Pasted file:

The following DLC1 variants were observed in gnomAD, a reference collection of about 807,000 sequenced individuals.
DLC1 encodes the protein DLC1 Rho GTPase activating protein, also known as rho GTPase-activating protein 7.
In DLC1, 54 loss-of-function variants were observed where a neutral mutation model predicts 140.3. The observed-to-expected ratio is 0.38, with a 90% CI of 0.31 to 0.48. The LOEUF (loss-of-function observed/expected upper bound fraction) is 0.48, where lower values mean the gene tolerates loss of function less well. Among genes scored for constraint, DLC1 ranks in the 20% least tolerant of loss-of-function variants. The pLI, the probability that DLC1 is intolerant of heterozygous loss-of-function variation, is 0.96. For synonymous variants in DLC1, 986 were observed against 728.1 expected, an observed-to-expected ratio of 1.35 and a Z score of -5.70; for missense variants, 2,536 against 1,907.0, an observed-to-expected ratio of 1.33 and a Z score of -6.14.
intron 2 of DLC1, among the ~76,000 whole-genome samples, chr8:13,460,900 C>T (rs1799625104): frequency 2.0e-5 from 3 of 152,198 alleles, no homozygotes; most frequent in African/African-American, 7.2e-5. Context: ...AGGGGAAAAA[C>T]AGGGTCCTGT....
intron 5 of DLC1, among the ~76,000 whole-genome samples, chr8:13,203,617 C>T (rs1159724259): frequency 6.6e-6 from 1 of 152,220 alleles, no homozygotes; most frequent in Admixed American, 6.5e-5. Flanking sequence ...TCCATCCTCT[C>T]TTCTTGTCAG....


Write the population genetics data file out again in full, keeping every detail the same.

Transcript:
The following DLC1 variants were observed in gnomAD, a reference collection of about 807,000 sequenced individuals.
DLC1 encodes the protein DLC1 Rho GTPase activating protein, also known as rho GTPase-activating protein 7.
In DLC1, 54 loss-of-function variants were observed where a neutral mutation model predicts 140.3. The observed-to-expected ratio is 0.38, with a 90% CI of 0.31 to 0.48. The LOEUF (loss-of-function observed/expected upper bound fraction) is 0.48, where lower values mean the gene tolerates loss of function less well. Among genes scored for constraint, DLC1 ranks in the 20% least tolerant of loss-of-function variants. The pLI, the probability that DLC1 is intolerant of heterozygous loss-of-function variation, is 0.96. For synonymous variants in DLC1, 986 were observed against 728.1 expected, an observed-to-expected ratio of 1.35 and a Z score of -5.70; for missense variants, 2,536 against 1,907.0, an observed-to-expected ratio of 1.33 and a Z score of -6.14.
intron 2 of DLC1, among the ~76,000 whole-genome samples, chr8:13,460,900 C>T (rs1799625104): frequency 2.0e-5 from 3 of 152,198 alleles, no homozygotes; most frequent in African/African-American, 7.2e-5. Context: ...AGGGGAAAAA[C>T]AGGGTCCTGT....
intron 5 of DLC1, among the ~76,000 whole-genome samples, chr8:13,203,617 C>T (rs1159724259): frequency 6.6e-6 from 1 of 152,220 alleles, no homozygotes; most frequent in Admixed American, 6.5e-5. Flanking sequence ...TCCATCCTCT[C>T]TTCTTGTCAG....